Edouard Nomo Ongolo seized the opportunity to recall all measures of encouragement and incentive offered by the Government to help farmers face the crisis, especially the recent Presidential Decree fixing new purchasing prices of coffee from farmers for the 84-85 season.


Ethiopian kids are welcome to Ghana

Ghana has offered to play host to a number of famine-stricken children from Ethiopia subject to a favourable response from the Ethiopian government. A report in "The Mirror" said that the decision was arrived at during a meeting summoned at the instance of Flt Lt Jerry Rawlings, to discuss ways of helping Ethiopian drought victims.

The Ethiopian ambassador to Ghana has since been requested to find out the opinion of his government on the offer. A task force has already been formed to receive the Ethiopian children or consider other alternatives, if the offer was not accepted by the Ethiopian Government.

If the Ethiopian Government accepted the offer, Ethiopian children and their parents would be brought into both urban and rural areas where chiefs would be expected to take direct responsibility for their well-being. This mode of hosting, it went on, was considered better than creating refugee camps which would only result in their isolation from the rest of the community.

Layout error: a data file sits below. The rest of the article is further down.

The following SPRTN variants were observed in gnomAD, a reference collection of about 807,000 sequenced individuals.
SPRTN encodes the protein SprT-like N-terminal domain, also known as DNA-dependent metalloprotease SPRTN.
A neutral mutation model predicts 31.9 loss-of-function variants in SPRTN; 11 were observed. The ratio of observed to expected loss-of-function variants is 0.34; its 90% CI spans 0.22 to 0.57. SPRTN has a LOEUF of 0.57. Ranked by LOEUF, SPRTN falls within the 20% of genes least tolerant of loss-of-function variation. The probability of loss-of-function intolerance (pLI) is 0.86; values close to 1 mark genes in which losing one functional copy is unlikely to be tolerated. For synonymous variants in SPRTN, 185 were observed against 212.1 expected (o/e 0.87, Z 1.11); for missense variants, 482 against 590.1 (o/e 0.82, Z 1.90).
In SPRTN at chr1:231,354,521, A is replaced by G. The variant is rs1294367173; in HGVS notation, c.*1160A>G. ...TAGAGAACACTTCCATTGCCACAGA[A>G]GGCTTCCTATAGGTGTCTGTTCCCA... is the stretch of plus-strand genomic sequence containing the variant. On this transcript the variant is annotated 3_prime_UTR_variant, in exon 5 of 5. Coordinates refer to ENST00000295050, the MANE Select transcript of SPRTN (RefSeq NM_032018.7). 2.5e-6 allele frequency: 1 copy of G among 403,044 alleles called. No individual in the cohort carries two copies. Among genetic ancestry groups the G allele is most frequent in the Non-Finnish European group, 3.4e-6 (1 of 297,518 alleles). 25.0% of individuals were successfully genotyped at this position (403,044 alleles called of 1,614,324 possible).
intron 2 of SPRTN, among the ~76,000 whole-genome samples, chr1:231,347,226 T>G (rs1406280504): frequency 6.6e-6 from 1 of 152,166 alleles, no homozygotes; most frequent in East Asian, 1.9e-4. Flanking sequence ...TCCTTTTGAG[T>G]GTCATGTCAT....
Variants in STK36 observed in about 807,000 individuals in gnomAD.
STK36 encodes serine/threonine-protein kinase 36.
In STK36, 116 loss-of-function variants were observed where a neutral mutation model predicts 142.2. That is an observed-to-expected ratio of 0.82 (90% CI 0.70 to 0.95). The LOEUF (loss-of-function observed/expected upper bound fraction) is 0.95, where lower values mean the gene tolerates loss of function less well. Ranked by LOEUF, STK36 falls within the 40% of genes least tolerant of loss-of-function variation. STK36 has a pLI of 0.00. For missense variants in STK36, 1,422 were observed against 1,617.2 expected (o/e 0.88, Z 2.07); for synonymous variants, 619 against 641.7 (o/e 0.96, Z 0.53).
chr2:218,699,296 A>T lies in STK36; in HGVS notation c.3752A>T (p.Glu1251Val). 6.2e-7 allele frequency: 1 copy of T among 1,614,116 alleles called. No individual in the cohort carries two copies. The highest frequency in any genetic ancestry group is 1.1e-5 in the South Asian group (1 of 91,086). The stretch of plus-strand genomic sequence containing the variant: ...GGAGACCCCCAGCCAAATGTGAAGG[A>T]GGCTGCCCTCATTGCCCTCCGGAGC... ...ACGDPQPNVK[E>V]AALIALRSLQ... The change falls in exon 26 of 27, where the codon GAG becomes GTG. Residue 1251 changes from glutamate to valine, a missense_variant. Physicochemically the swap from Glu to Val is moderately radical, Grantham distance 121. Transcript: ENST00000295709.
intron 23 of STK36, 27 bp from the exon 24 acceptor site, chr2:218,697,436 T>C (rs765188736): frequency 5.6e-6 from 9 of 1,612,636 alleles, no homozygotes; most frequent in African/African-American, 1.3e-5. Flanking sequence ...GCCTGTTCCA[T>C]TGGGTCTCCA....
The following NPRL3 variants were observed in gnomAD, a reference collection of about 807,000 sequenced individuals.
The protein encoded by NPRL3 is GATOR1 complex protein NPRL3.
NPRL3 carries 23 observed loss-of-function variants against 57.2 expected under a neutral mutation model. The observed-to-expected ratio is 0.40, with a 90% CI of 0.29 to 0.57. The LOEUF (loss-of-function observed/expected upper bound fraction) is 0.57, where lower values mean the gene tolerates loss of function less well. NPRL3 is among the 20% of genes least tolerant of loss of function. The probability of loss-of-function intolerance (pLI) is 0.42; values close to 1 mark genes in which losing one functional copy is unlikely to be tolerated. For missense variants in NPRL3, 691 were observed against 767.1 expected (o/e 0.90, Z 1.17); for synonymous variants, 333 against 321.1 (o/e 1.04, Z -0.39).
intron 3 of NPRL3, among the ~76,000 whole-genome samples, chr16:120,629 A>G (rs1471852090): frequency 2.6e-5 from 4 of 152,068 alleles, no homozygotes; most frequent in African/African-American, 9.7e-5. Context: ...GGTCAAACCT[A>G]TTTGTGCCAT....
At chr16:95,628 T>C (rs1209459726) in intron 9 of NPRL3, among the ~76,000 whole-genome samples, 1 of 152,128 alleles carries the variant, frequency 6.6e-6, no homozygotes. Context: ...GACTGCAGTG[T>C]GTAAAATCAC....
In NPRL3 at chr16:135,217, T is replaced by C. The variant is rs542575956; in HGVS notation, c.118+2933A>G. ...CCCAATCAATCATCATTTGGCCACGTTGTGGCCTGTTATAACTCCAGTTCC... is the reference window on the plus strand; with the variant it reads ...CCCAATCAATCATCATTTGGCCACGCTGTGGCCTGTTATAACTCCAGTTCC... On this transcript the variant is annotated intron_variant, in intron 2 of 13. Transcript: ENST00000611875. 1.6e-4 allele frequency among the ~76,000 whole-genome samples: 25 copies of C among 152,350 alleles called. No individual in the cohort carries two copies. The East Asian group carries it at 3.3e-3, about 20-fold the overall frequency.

It is recalled that Israel had been actively involved in airlifting Falashas or black jews from refugee camps in Sudan.

The airlift code-named "Operation Moses" involved transfer of over 23,000 Ethiopians from Sudan to Israel for resettlement.

Mice destroy crops

An army of mice has been invading the Accra plains and eating up all farm crops in sight. A report from Ghana said that apart from causing losses running into several thousands of cedis, the invasion had resulted in sharp increases in the prices of vegetables, tomatoes, pepper, okro and garden eggs in Accra markets. The sharp-toothed rodents have destroyed 900 hectares of rice and vegetable farms, the report said.

An official of the irrigation development authority has said that no local rice would be produced in the area this year, if the mice were not eliminated.

The report said one desparate farmer, faced with the destruction of his crops by rodents, ended his life by taking the mouse poison given to him to kill the rats. He was of said to be indebted to the banks to the tune 120,000 cedis.

The project manager of one of the schemes on the plains said: "The mice started on the fields in September last year, laying waste an acre a week. By November, they ate up four acres a day. By early December, it was "total destruction" and by mid December it was out of control."

As many as 70 mice have been found in one hole, and at nights the fields are swarming with them, he said. The rise in mice population was attributed to the prolonged drought of 1983, and the accompanying bush fires which vastly reduced the population of snakes which feed on mice.

Telephone links restored

Telephone links between Accra and the regions except the north have been restored. An official of the Post and Telecommuni- cations, Mr Ben Hadja told reporters that his organisation was making determined efforts to improve telephone and mail services.